Wednesday, May 22, 2013

LES GIRLS Is Just Too Too!

When Les Girls, a 1957 movie musical directed by George Cukor, came up on the Turner Classic Movies schedule, I realized I hadn't seen it since... Well, in a very long time. Whether it came up on my local Late, Late Show in 1966 or 1970 really doesn't matter. I did see it when I was young, even if I didn't remember much.What stuck with me was a) Gene Kelly as an entertainer taking his show on tour around Europe, b) Kay Kendall as one of the three women in his act, and c) big technicolor production numbers to show off a tuneful Cole Porter score.

And, yes, that's all still there. What I didn't remember was the Rashomon-style storyline, set into motion by a tell-all memoir written by Kendall's Lady Sybil. After she characterizes the romantic events that transpired during their show biz days in a rather lurid fashion, she ends up in court, sued for libel by Angèle Ducros, the French member of the trio, played by Finnish actress Taina Elg. (I knew Elg from her days as Olympia Buchanan, presumed dead wife of One Life to Live patriarch Asa Buchanan, as well as a stint as Guido's mother in Kopit and Yeston's Nine, which happens to be the first Broadway show I saw, with, yes, Elg in the cast. But I did not remember her from Les Girls at all.)

On the witness stand, Sybil stands pat with her story about an affair between Angèle and Kelly's Barry Nichols that ended badly, while Angèle says Sybil was the one involved with Barry. Oh, and she was a major lush to boot. To try to figure out who's telling the truth, Barry Nichols himself takes the stand, but his story... Doesn't accord with either of theirs. Instead, he matches himself with Joy Henderson, the American member of the female trio, played as a straight arrow/good girl by Mitzi Gaynor.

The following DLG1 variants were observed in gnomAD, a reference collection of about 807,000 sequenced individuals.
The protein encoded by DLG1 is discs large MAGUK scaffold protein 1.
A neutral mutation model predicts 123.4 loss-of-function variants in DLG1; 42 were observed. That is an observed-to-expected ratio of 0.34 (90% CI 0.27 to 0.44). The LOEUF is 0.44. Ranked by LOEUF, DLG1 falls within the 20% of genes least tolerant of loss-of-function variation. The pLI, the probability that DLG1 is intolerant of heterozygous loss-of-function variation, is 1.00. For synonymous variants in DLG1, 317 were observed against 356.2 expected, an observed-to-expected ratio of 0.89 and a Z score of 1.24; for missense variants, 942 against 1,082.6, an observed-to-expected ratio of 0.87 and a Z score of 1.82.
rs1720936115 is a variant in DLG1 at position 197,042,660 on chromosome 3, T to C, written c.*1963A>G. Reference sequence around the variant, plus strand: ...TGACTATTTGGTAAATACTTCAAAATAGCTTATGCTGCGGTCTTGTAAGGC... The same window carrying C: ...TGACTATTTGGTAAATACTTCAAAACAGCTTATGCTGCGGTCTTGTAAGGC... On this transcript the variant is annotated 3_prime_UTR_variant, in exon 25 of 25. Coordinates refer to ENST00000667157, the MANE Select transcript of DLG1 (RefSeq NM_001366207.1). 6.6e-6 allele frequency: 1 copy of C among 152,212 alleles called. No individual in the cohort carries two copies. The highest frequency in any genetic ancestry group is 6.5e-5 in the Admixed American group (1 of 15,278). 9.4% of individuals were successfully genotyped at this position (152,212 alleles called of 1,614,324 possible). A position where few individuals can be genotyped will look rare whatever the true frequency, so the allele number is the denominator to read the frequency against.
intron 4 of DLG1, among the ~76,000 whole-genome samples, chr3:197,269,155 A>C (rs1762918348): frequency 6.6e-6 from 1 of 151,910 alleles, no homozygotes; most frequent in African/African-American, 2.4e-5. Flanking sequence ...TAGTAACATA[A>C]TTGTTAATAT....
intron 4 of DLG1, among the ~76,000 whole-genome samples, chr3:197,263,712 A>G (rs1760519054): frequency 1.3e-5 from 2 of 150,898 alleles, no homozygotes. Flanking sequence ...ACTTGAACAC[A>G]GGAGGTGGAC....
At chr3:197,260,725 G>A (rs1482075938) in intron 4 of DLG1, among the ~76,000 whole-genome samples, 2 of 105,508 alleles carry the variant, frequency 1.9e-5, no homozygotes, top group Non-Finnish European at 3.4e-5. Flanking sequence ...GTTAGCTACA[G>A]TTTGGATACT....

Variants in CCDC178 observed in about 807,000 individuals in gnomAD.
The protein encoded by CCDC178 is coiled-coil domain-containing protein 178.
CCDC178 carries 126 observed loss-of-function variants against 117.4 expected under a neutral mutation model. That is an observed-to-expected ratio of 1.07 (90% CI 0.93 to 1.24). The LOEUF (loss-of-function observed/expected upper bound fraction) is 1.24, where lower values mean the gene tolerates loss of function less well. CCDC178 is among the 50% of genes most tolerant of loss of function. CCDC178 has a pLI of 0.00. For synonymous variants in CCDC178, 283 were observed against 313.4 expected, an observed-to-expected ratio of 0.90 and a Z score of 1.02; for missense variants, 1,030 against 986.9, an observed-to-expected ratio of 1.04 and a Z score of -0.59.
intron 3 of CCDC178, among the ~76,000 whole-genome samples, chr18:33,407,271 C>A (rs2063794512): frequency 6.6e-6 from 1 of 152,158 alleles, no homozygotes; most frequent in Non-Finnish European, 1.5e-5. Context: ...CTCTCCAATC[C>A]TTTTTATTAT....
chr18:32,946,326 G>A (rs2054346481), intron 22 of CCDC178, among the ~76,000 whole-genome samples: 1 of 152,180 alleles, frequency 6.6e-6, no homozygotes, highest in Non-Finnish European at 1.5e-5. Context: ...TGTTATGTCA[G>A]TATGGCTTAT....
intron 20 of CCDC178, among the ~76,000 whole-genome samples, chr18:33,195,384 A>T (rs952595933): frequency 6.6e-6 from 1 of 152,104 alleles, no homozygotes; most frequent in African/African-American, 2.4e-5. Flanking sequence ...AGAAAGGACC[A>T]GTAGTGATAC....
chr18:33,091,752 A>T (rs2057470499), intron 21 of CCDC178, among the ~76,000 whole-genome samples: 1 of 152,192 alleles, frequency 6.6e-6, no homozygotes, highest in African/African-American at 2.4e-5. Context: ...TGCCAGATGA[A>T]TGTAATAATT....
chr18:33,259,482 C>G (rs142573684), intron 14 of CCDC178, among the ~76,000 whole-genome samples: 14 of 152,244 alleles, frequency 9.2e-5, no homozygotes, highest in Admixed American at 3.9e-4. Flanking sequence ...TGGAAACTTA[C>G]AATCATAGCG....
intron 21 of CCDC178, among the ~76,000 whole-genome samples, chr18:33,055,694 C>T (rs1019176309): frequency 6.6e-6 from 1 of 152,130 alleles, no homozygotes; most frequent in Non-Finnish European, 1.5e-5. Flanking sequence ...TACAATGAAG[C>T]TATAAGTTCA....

Each story involves singing and dancing with Gene Kelly front and center (of course) and some romantic hijinks. Even though that includes a suicide attempt, alcoholism and lying, the tone of the movie is silly and bright, befitting the Cole Porter score and such tunes as the cheeky "Ladies in Waiting," bouncy (and kind of crazy) "You're Just Too Too!" and "Why Am I So Gone (About the Gal)?," which attempts to cast Kelly as a motorcycle tough in a leather jacket. Yeah, that doesn't work. At all.

But the movie is a lot of fun, and Kay Kendall, a star who died much too young, is really quite adorable. Gaynor is also fun, even if she is MIA for the first 2/3 of the movie. And I admit it, the storyline hooked me enough to keep going to get to the end and find out "the truth." What is the truth? Les Girls doesn't really answer that question, and it never quite pulls off the mix of dark humor, sly innuendo and fizzy pop it's looking for.

Les Girls was Gene Kelly's last movie for MGM until he did That's Entertainment! in 1974. Kendall did only The Reluctant Debutante with husband Rex Harrison and Once More with Feeling after Les Girls. As a testament to Kelly at MGM and Kendall's career, Les Girls is certainly worth a look.


  1. I saw it on cable sometime back in the 80s. Having known Taina Elg only as a ghostly mother in the original cast of "Nine," I was curious to see her in her starlet days. And she was fine, but the one who really lingers in memory above everyone else is Kay Kendall. (As Julie said.) She was really something special. Her charisma is such that (I'm stealing the notion from Pauline Kael) she gives the impression of outdancing Gene Kelly in their number together -- with ease and humor. Even though, on second look, she isn't really doing anything extraordinary except exuding star power.

  2. I found it quite interesting that she came off so well playing a very unsympathetic character -- a drunk, a liar, jealous of the other women -- partly, I think, because she played it with such energy and enthusiasm. I suppose the character's alcohol issues could be played for a joke then, but we look at that differently now, and she still comes off as effervescent and adorable.

  3. Have you ever seen the movie "Genevieve"? It's one of those mildly whimsical little British comedies around 1950, with a cast of the contract players or minor Brit stars of the period. Enjoyable enough, certainly, but in the middle of it we get Kay Kendall as one of the guys' girlfriend, a dizzy model. And again she works wonders with what should be a cliche role. Even as I type about the scene in which she reveals her facility for jazz trumpet, I find myself grinning.